Readying Attacks

This concept is a classic of tactical turn-based games, whether it be tabletop or video games. In XCOM, it’s called Overwatch, but the idea is that you “prepare” an attack and give it a certain condition to trigger.

For example, a Rogue may knock an arrow and point it at a door, and it will fire immediately if someone enters. Or a fighter readies a swing for an enemy to approach rather than approaching the enemy.

Show combat rolls

Right now, the default UI shows you the percentage chance you have to land a hit in combat. It calculates this based on dice rolls and does the math for your modifiers, advantage or disadvantage, etc. It just tells you the raw percentage.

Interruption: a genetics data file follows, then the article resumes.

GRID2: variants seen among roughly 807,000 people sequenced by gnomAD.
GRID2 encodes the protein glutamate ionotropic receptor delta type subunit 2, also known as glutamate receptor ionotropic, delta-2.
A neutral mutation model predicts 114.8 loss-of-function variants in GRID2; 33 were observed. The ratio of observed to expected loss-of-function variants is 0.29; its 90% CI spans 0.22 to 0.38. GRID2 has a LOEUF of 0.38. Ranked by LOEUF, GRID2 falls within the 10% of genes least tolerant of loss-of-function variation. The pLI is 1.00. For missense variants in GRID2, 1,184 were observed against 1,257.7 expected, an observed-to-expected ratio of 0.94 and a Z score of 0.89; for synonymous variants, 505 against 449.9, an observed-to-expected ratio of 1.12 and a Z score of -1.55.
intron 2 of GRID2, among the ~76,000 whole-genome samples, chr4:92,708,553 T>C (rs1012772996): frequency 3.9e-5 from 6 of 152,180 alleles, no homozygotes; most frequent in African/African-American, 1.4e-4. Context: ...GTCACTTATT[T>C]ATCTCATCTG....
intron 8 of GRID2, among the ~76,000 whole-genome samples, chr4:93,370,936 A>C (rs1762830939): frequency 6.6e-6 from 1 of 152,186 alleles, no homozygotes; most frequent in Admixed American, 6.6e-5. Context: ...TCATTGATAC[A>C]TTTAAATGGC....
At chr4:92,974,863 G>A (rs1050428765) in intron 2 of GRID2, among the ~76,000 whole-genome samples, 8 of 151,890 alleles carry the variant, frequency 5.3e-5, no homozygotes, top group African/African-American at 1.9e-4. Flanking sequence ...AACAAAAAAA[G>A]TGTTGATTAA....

I’d prefer the option to instead see the dice roll math on-screen for every attack. You can see some of it in the combat log on the right side, but it’s not the same. Animating the dice would be another neat feature, similar to Skill Checks in conversations. 

There is plenty more I’d love to see added to Baldur’s Gate 3, and there are tons of other valid tips to improve combat success. Make sure and check my Advanced Tactics guide linked at the top of this guide for even more granular details about specific things you can do in fights to get an edge!

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David Jagneaux
David is the Games Editor at UploadVR, author of The Ultimate Roblox Book, and freelance writer with bylines at IGN, Forbes, PCGamer, Gamecrate, VICE, and many other places. It’s dangerous to go alone, so follow him on Twitter: @David_Jagneaux.